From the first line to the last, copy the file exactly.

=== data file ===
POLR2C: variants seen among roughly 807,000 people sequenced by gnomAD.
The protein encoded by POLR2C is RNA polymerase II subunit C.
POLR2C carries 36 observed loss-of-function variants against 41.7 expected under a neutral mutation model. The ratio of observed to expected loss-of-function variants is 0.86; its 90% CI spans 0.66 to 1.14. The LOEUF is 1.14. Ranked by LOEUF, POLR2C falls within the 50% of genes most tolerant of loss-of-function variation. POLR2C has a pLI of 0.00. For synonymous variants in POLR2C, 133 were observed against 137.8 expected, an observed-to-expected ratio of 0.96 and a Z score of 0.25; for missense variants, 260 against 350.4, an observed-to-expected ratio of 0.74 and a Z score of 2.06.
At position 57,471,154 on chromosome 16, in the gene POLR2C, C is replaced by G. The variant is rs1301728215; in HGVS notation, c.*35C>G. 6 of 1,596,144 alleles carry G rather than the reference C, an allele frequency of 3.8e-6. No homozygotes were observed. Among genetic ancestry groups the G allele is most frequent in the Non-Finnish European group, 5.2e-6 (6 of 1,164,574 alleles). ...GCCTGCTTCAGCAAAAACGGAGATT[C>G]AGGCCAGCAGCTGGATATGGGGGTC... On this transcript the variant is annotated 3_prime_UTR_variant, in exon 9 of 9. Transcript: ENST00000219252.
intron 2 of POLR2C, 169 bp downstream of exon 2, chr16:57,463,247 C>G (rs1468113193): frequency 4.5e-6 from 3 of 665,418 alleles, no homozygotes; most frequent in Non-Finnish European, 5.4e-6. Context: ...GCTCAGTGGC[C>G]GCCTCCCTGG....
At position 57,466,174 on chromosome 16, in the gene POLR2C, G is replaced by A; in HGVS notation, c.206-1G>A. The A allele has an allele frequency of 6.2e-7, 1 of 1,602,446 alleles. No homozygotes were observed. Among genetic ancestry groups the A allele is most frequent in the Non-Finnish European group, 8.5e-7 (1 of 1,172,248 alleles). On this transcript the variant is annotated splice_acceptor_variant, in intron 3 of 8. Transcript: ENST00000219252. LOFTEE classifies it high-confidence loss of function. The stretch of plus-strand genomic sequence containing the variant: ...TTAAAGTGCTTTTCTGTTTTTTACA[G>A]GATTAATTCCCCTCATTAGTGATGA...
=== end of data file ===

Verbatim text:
POLR2C: variants seen among roughly 807,000 people sequenced by gnomAD.
The protein encoded by POLR2C is RNA polymerase II subunit C.
POLR2C carries 36 observed loss-of-function variants against 41.7 expected under a neutral mutation model. The ratio of observed to expected loss-of-function variants is 0.86; its 90% CI spans 0.66 to 1.14. The LOEUF is 1.14. Ranked by LOEUF, POLR2C falls within the 50% of genes most tolerant of loss-of-function variation. POLR2C has a pLI of 0.00. For synonymous variants in POLR2C, 133 were observed against 137.8 expected, an observed-to-expected ratio of 0.96 and a Z score of 0.25; for missense variants, 260 against 350.4, an observed-to-expected ratio of 0.74 and a Z score of 2.06.
At position 57,471,154 on chromosome 16, in the gene POLR2C, C is replaced by G. The variant is rs1301728215; in HGVS notation, c.*35C>G. 6 of 1,596,144 alleles carry G rather than the reference C, an allele frequency of 3.8e-6. No homozygotes were observed. Among genetic ancestry groups the G allele is most frequent in the Non-Finnish European group, 5.2e-6 (6 of 1,164,574 alleles). ...GCCTGCTTCAGCAAAAACGGAGATT[C>G]AGGCCAGCAGCTGGATATGGGGGTC... On this transcript the variant is annotated 3_prime_UTR_variant, in exon 9 of 9. Transcript: ENST00000219252.
intron 2 of POLR2C, 169 bp downstream of exon 2, chr16:57,463,247 C>G (rs1468113193): frequency 4.5e-6 from 3 of 665,418 alleles, no homozygotes; most frequent in Non-Finnish European, 5.4e-6. Context: ...GCTCAGTGGC[C>G]GCCTCCCTGG....
At position 57,466,174 on chromosome 16, in the gene POLR2C, G is replaced by A; in HGVS notation, c.206-1G>A. The A allele has an allele frequency of 6.2e-7, 1 of 1,602,446 alleles. No homozygotes were observed. Among genetic ancestry groups the A allele is most frequent in the Non-Finnish European group, 8.5e-7 (1 of 1,172,248 alleles). On this transcript the variant is annotated splice_acceptor_variant, in intron 3 of 8. Transcript: ENST00000219252. LOFTEE classifies it high-confidence loss of function. The stretch of plus-strand genomic sequence containing the variant: ...TTAAAGTGCTTTTCTGTTTTTTACA[G>A]GATTAATTCCCCTCATTAGTGATGA...